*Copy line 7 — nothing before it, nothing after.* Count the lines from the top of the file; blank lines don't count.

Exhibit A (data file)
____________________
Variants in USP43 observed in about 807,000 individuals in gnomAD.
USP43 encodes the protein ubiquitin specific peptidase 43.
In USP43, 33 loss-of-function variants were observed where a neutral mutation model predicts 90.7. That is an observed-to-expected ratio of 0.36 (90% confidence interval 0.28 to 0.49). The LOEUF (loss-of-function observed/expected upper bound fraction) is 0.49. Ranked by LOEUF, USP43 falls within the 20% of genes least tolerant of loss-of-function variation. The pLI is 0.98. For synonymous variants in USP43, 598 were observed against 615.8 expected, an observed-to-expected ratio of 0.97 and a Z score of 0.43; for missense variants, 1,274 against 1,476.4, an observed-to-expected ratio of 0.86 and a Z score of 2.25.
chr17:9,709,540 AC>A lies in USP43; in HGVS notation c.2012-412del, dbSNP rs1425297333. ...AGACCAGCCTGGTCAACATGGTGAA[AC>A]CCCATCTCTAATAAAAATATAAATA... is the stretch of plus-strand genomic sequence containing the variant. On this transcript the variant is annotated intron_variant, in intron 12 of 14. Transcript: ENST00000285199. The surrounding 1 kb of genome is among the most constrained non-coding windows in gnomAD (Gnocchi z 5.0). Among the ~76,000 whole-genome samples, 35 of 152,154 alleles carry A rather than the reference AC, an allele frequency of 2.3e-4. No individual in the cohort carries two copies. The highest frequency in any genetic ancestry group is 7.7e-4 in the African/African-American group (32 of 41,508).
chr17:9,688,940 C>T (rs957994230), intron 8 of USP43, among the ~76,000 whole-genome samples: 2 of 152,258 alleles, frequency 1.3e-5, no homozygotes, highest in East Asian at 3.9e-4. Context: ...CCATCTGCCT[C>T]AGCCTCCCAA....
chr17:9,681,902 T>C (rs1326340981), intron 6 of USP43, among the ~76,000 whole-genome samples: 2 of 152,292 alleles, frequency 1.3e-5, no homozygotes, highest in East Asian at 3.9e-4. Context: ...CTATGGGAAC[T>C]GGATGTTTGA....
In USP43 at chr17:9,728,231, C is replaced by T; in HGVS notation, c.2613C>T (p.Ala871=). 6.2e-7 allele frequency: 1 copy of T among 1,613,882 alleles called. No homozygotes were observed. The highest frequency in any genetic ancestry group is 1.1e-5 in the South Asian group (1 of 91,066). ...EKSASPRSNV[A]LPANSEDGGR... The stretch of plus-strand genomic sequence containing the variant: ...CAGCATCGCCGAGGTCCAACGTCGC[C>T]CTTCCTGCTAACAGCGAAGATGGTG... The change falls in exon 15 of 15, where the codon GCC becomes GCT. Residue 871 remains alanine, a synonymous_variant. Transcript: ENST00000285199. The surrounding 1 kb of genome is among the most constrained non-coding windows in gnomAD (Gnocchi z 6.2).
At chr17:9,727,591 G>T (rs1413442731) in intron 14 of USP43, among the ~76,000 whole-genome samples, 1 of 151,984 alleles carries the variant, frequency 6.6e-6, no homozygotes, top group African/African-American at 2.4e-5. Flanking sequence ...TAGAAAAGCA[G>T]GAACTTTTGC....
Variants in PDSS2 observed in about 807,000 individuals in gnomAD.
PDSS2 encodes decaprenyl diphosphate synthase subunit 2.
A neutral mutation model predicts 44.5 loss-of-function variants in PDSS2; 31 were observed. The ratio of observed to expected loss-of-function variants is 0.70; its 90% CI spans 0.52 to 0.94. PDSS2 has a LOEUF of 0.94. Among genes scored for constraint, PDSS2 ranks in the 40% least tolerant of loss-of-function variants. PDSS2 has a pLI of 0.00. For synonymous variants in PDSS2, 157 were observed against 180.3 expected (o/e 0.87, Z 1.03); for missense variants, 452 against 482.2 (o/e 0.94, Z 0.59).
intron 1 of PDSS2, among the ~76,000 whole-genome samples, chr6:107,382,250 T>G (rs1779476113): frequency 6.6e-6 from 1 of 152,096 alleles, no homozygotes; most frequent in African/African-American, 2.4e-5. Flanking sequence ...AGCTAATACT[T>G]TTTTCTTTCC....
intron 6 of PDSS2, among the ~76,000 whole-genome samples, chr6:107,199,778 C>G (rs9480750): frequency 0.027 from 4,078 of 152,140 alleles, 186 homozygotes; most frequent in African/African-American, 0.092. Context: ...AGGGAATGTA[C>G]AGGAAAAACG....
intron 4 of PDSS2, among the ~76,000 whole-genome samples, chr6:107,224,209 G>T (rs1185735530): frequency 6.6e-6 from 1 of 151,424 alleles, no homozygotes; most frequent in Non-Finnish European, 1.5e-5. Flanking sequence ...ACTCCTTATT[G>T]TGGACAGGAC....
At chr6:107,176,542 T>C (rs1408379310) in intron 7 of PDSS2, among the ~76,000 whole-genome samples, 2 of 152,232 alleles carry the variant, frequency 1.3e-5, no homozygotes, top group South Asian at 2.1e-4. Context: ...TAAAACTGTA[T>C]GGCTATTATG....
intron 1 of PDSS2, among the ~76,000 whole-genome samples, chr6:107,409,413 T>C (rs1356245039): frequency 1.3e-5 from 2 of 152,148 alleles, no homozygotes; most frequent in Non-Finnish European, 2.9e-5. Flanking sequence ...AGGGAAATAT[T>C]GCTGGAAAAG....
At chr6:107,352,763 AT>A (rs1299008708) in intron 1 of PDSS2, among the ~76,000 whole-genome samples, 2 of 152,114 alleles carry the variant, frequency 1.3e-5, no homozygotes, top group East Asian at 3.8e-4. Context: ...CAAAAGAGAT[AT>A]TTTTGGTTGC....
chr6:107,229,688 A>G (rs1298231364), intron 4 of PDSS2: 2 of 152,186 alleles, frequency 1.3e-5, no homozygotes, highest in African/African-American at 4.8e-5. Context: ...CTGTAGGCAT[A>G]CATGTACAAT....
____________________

In USP43 at chr17:9,728,231, C is replaced by T; in HGVS notation, c.2613C>T (p.Ala871=). 6.2e-7 allele frequency: 1 copy of T among 1,613,882 alleles called. No homozygotes were observed. The highest frequency in any genetic ancestry group is 1.1e-5 in the South Asian group (1 of 91,066). ...EKSASPRSNV[A]LPANSEDGGR... The stretch of plus-strand genomic sequence containing the variant: ...CAGCATCGCCGAGGTCCAACGTCGC[C>T]CTTCCTGCTAACAGCGAAGATGGTG... The change falls in exon 15 of 15, where the codon GCC becomes GCT. Residue 871 remains alanine, a synonymous_variant. Transcript: ENST00000285199. The surrounding 1 kb of genome is among the most constrained non-coding windows in gnomAD (Gnocchi z 6.2).